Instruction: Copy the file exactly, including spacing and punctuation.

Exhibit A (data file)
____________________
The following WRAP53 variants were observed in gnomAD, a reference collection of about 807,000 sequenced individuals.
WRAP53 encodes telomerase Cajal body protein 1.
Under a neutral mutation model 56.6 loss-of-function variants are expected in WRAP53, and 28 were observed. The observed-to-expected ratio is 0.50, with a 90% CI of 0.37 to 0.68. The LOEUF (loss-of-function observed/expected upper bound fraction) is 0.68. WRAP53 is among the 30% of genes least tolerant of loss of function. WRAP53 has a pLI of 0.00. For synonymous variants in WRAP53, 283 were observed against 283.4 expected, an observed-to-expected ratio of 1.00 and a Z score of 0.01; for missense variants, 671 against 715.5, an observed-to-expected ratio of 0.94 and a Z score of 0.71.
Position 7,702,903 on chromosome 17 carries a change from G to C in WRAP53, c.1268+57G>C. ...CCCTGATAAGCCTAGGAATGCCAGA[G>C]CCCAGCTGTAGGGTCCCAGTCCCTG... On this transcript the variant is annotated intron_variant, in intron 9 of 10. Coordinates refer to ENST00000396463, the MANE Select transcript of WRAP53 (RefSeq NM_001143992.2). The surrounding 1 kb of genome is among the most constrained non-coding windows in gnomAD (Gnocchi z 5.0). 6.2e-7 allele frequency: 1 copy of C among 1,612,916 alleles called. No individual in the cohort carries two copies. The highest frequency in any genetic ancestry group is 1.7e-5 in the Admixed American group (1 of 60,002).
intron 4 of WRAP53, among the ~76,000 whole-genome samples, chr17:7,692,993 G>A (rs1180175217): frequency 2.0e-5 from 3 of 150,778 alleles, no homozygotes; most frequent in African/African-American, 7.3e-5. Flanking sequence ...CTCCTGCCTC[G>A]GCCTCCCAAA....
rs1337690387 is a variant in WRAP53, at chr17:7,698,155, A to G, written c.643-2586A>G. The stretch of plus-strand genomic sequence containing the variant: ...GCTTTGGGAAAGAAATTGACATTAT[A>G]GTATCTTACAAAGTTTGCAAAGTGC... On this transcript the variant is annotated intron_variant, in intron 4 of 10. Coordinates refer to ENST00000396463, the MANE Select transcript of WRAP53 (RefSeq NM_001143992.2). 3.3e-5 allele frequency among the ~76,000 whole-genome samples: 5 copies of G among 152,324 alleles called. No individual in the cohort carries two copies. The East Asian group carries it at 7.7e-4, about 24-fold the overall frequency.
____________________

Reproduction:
The following WRAP53 variants were observed in gnomAD, a reference collection of about 807,000 sequenced individuals.
WRAP53 encodes telomerase Cajal body protein 1.
Under a neutral mutation model 56.6 loss-of-function variants are expected in WRAP53, and 28 were observed. The observed-to-expected ratio is 0.50, with a 90% CI of 0.37 to 0.68. The LOEUF (loss-of-function observed/expected upper bound fraction) is 0.68. WRAP53 is among the 30% of genes least tolerant of loss of function. WRAP53 has a pLI of 0.00. For synonymous variants in WRAP53, 283 were observed against 283.4 expected, an observed-to-expected ratio of 1.00 and a Z score of 0.01; for missense variants, 671 against 715.5, an observed-to-expected ratio of 0.94 and a Z score of 0.71.
Position 7,702,903 on chromosome 17 carries a change from G to C in WRAP53, c.1268+57G>C. ...CCCTGATAAGCCTAGGAATGCCAGA[G>C]CCCAGCTGTAGGGTCCCAGTCCCTG... On this transcript the variant is annotated intron_variant, in intron 9 of 10. Coordinates refer to ENST00000396463, the MANE Select transcript of WRAP53 (RefSeq NM_001143992.2). The surrounding 1 kb of genome is among the most constrained non-coding windows in gnomAD (Gnocchi z 5.0). 6.2e-7 allele frequency: 1 copy of C among 1,612,916 alleles called. No individual in the cohort carries two copies. The highest frequency in any genetic ancestry group is 1.7e-5 in the Admixed American group (1 of 60,002).
intron 4 of WRAP53, among the ~76,000 whole-genome samples, chr17:7,692,993 G>A (rs1180175217): frequency 2.0e-5 from 3 of 150,778 alleles, no homozygotes; most frequent in African/African-American, 7.3e-5. Flanking sequence ...CTCCTGCCTC[G>A]GCCTCCCAAA....
rs1337690387 is a variant in WRAP53, at chr17:7,698,155, A to G, written c.643-2586A>G. The stretch of plus-strand genomic sequence containing the variant: ...GCTTTGGGAAAGAAATTGACATTAT[A>G]GTATCTTACAAAGTTTGCAAAGTGC... On this transcript the variant is annotated intron_variant, in intron 4 of 10. Coordinates refer to ENST00000396463, the MANE Select transcript of WRAP53 (RefSeq NM_001143992.2). 3.3e-5 allele frequency among the ~76,000 whole-genome samples: 5 copies of G among 152,324 alleles called. No individual in the cohort carries two copies. The East Asian group carries it at 7.7e-4, about 24-fold the overall frequency.